There is a trick in the book ‘The Card Magic of Paul LePaul’ that has fascinated me since my youth: it is the ‘Cards and Envelope Mystery’. The effect is that four signed Aces disappear from the deck and appear in a sealed envelope.
It is a great trick — it has a simple plot, and the construction is as simple as possible. The handling is straightforward, and there is nothing complicated about it. OK, you use an advanced sleight of hand to steal the cards from the deck, turn them over and then put them in the envelope. But that keeps away the ‘magicians’ who are only interested in self-working material.
I offer a variation of the ‘Diagonal Palm Shift’ (DPS) that makes a difference. Working performers will notice that the handling is much smoother.
My preparation of the envelopes is the same as LePaul’s trick. I use the torn envelope because I can give it to the spectator at the end. I think the torn envelope preparation is still the most practical method.
Most of the time I use a trick wallet that contains the envelope. For more formal presentations, I use the classic method (described in the book) with the pile of envelopes. Roberto Giobbi describes his variation and handling in one of his books; read it — it’s excellent.
There’s not much to change about this classic method. It is the most direct way.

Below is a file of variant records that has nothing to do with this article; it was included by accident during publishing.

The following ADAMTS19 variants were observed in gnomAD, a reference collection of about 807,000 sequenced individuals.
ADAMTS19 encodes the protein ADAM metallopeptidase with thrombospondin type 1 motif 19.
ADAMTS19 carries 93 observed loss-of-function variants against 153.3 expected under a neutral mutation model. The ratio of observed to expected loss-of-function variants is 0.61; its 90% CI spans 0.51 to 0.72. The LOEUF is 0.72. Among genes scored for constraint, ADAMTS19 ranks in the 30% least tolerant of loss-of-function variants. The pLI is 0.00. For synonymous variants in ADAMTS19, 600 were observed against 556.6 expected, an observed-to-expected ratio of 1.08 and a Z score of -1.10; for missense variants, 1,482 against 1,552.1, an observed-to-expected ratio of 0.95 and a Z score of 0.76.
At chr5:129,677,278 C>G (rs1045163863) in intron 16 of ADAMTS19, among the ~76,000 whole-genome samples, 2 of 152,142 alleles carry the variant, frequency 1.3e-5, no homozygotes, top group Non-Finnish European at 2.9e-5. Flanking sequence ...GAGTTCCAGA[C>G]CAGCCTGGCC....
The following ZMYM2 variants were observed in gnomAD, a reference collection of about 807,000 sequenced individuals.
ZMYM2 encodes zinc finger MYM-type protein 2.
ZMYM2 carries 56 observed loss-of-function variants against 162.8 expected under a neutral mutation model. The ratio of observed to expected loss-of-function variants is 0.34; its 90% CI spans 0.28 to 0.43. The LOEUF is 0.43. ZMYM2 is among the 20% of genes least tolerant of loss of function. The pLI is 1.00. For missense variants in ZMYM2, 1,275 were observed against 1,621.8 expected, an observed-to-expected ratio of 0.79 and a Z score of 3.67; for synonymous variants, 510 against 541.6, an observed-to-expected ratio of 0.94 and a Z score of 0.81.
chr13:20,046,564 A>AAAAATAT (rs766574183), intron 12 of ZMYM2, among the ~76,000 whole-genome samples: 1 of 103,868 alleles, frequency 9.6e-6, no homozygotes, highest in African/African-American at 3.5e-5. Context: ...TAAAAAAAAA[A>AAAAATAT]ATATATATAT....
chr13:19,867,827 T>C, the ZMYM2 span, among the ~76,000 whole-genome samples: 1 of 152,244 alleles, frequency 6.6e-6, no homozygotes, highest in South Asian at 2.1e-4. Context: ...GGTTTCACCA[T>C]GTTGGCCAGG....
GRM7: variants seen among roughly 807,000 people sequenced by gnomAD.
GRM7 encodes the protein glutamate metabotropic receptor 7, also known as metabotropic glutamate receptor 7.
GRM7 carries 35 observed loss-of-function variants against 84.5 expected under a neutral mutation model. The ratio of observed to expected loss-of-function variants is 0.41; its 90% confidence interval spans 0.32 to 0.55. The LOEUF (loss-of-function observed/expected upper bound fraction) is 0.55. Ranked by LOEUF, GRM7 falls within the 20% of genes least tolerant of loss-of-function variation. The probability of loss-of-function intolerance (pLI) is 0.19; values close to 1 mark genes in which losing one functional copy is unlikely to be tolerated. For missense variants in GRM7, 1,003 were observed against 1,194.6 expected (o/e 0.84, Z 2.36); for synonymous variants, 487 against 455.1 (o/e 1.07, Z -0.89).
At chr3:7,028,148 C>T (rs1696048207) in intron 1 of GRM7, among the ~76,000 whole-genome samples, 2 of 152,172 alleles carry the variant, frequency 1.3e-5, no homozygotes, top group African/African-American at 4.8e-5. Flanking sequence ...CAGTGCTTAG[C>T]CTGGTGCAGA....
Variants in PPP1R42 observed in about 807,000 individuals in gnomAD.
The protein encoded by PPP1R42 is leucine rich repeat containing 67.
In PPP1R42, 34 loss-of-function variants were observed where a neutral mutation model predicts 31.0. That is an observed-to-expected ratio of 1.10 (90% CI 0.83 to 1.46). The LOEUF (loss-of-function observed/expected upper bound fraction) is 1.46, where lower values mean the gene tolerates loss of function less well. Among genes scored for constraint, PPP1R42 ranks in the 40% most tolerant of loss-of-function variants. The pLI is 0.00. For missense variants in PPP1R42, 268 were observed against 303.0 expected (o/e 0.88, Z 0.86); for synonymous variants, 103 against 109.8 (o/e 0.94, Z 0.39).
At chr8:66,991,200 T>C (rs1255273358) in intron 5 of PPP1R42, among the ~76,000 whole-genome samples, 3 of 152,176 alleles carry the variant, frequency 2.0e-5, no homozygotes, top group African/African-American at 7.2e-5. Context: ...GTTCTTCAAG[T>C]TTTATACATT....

The spectators sign the four cards. While they are doing this, four indifferent cards are placed face up in the middle of the deck. I use a casual and straightforward ‘Braue Reversal’ for this.
I replace the signed cards in the deck, which I square and turn face up. Now I perform the DPS. The basic handling is the same as the classic DPS, but I have added a simple move that puts the deck in the correct position to be spread out on the table.
This is done after the DPS, when the deck is turned face up, just before it is spread out on the table. Important here is the position of the left fingers, which have to grip the deck in a certain way.
The first finger is curled up on top of the deck. The other fingers are at the front end of the deck on the underside. The deck can be gripped in this way without the help of the thumb (which rests near the inner end of the deck).
After performing the DPS, the left hand immediately takes the deck between the fingers and lifts it up and forward, turning it face up. The deck is then placed in the dealing position in the right hand, over the cards in the palm. This provides good cover.
The tilt of the deck provides cover from the front. The left hand lifts the deck. The video shows how this move looks like:
After a short pause, the left hand takes the deck from the right hand and moves forward towards the table. The deck is then spread wide so that the spectators can see the four reversed cards in the centre of the spread (presumably the four Aces).
The deck is ready to be taken and spread out on the table.
The left hand, with the cards in the palm, goes into the pocket to remove the pile of envelopes, loading the signed Aces.
If you watch these movements, you will see that all the actions are natural and seem innocent. It seems as if the right hand is simply turning the deck face up in preparation for spreading the cards on the table.